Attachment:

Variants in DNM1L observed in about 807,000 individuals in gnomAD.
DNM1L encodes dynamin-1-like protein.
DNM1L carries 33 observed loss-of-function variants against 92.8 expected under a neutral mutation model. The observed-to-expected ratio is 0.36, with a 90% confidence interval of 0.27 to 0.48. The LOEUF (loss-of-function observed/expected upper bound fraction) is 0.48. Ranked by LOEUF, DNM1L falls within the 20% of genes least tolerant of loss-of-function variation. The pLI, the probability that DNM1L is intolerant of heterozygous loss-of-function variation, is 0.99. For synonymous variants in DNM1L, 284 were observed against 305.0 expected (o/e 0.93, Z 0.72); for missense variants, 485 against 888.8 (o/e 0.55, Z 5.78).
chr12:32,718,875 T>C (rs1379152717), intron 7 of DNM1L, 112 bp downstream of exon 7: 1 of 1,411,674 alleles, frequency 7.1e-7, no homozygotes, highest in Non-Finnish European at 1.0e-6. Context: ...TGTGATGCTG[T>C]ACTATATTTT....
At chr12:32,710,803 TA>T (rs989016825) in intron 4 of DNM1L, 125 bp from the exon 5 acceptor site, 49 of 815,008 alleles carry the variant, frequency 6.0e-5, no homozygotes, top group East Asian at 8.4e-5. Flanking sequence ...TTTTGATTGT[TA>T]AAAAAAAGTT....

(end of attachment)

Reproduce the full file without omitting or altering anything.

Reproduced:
Variants in DNM1L observed in about 807,000 individuals in gnomAD.
DNM1L encodes dynamin-1-like protein.
DNM1L carries 33 observed loss-of-function variants against 92.8 expected under a neutral mutation model. The observed-to-expected ratio is 0.36, with a 90% confidence interval of 0.27 to 0.48. The LOEUF (loss-of-function observed/expected upper bound fraction) is 0.48. Ranked by LOEUF, DNM1L falls within the 20% of genes least tolerant of loss-of-function variation. The pLI, the probability that DNM1L is intolerant of heterozygous loss-of-function variation, is 0.99. For synonymous variants in DNM1L, 284 were observed against 305.0 expected (o/e 0.93, Z 0.72); for missense variants, 485 against 888.8 (o/e 0.55, Z 5.78).
chr12:32,718,875 T>C (rs1379152717), intron 7 of DNM1L, 112 bp downstream of exon 7: 1 of 1,411,674 alleles, frequency 7.1e-7, no homozygotes, highest in Non-Finnish European at 1.0e-6. Context: ...TGTGATGCTG[T>C]ACTATATTTT....
At chr12:32,710,803 TA>T (rs989016825) in intron 4 of DNM1L, 125 bp from the exon 5 acceptor site, 49 of 815,008 alleles carry the variant, frequency 6.0e-5, no homozygotes, top group East Asian at 8.4e-5. Flanking sequence ...TTTTGATTGT[TA>T]AAAAAAAGTT....